Mi è toccata una bella fortuna. --- {I've had great good fortune.}

I assume that what we see here is the construction "toccare a qualcuno" (and not a reflexive construction).

So I wonder why it is not correct to use the auxiliary "avere" instead and say:

Mi ha toccato una bella fortuna.

1 Answer 1


The verb toccare may be transitive or intransitive with different meanings.

As intransitive verb with the auxiliary verb essere in the OP has the meaning to happen

  • mi è toccata una bella fortuna!
  • I've had great good fortune! I had a piece of good luck!

As transitive verb with the auxiliary verb avere in the OP has the meaning to touch

  • mi ha toccato (una bel)la fortuna! (we say simply la fortuna)
  • a good luck touched me!
  • Hi. So why do you need to use "essere" here? Is it because this "toccare" is an intransitive verb? Also, I wonder why the feminine "toccata" is used here instead of "toccato"? Jan 6, 2018 at 20:37
  • 1
    In the first sentence, toccare is intransitive, so we need essere. The construction is una bella fortuna è toccata a me (toccata must have concordance with fortuna).
    – alexjo
    Jan 6, 2018 at 20:42
  • Oh, I see. I didn't know that the simple fact that a verb is intransitive necessitates the use of the auxiliary "essere". Which is different from how it works in French. Interesting. So with the construction "Mi è toccata una bella fortuna", does the speaker emphasise "fortuna"? Whereas, with "Una bella fortuna è toccata a me", is "me" emphasised? Jan 6, 2018 at 20:55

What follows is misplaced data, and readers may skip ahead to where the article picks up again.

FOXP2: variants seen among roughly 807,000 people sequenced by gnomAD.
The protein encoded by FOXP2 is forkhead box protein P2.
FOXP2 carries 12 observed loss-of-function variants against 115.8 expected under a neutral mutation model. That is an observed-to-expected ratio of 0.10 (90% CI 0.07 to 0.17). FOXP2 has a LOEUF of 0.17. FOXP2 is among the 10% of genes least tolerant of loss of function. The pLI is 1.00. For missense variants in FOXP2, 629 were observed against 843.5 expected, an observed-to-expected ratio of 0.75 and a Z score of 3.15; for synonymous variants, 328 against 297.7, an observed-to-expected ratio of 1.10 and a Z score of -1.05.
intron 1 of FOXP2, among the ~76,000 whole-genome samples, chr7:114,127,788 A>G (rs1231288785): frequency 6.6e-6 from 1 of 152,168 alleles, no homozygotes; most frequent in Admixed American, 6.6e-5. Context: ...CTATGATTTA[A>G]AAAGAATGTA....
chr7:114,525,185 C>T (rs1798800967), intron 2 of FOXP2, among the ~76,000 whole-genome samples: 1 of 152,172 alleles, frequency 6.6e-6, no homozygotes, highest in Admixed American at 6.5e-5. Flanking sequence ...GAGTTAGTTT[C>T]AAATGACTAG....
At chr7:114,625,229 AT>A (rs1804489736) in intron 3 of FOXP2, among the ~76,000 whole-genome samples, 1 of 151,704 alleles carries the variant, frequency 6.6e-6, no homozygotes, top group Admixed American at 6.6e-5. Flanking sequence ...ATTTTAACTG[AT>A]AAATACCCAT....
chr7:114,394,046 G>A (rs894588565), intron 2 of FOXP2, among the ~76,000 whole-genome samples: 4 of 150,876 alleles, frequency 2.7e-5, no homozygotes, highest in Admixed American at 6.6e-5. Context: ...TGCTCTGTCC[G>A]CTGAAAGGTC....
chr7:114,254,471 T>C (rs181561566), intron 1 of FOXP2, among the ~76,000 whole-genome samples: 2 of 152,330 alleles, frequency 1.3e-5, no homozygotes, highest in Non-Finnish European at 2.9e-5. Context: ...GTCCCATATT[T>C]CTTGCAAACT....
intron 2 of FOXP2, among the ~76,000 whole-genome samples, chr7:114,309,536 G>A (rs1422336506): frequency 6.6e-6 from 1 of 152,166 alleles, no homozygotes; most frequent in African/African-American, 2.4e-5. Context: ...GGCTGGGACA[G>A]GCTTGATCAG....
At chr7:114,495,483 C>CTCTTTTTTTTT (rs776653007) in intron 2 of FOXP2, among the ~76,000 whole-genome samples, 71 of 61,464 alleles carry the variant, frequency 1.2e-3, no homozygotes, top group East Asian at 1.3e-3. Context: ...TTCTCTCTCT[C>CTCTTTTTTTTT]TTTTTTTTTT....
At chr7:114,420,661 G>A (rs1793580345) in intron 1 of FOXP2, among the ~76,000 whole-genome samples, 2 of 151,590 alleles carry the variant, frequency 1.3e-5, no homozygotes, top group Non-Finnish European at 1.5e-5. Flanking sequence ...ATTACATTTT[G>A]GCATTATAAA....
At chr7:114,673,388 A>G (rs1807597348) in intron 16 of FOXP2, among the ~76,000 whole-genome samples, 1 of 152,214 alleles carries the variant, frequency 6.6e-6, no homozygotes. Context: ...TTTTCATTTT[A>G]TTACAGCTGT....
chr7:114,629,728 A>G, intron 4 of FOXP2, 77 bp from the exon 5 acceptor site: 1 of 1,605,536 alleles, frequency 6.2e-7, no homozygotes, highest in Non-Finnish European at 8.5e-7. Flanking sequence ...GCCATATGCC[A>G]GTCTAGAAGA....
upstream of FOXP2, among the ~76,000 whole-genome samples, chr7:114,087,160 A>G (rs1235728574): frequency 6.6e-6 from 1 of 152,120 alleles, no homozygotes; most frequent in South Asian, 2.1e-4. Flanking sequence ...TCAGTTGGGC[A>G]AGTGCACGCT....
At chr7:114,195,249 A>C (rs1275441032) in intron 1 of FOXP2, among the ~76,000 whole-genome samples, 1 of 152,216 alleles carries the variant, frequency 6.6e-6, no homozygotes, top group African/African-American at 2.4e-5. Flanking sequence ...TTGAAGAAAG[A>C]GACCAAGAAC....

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    Exactly. But we generally use the first emphatic sentence mi è toccata una bella fortuna!. The second is used with some additional context; for example: questa volta, una bella fortuna è toccata a me!
    – alexjo
    Jan 6, 2018 at 20:59
  • 1
    @Alone-zee: No, the fact that a verb is intransitive does not necessitate the use of essere as the auxiliary. Many intransitive verbs use avere as the auxiliary. In this particular situation the intransitive usage leads to essere as the auxiliary because toccare happens to be a verb that takes essere when it is used intransitively.
    – Gallego
    Jan 6, 2018 at 23:24

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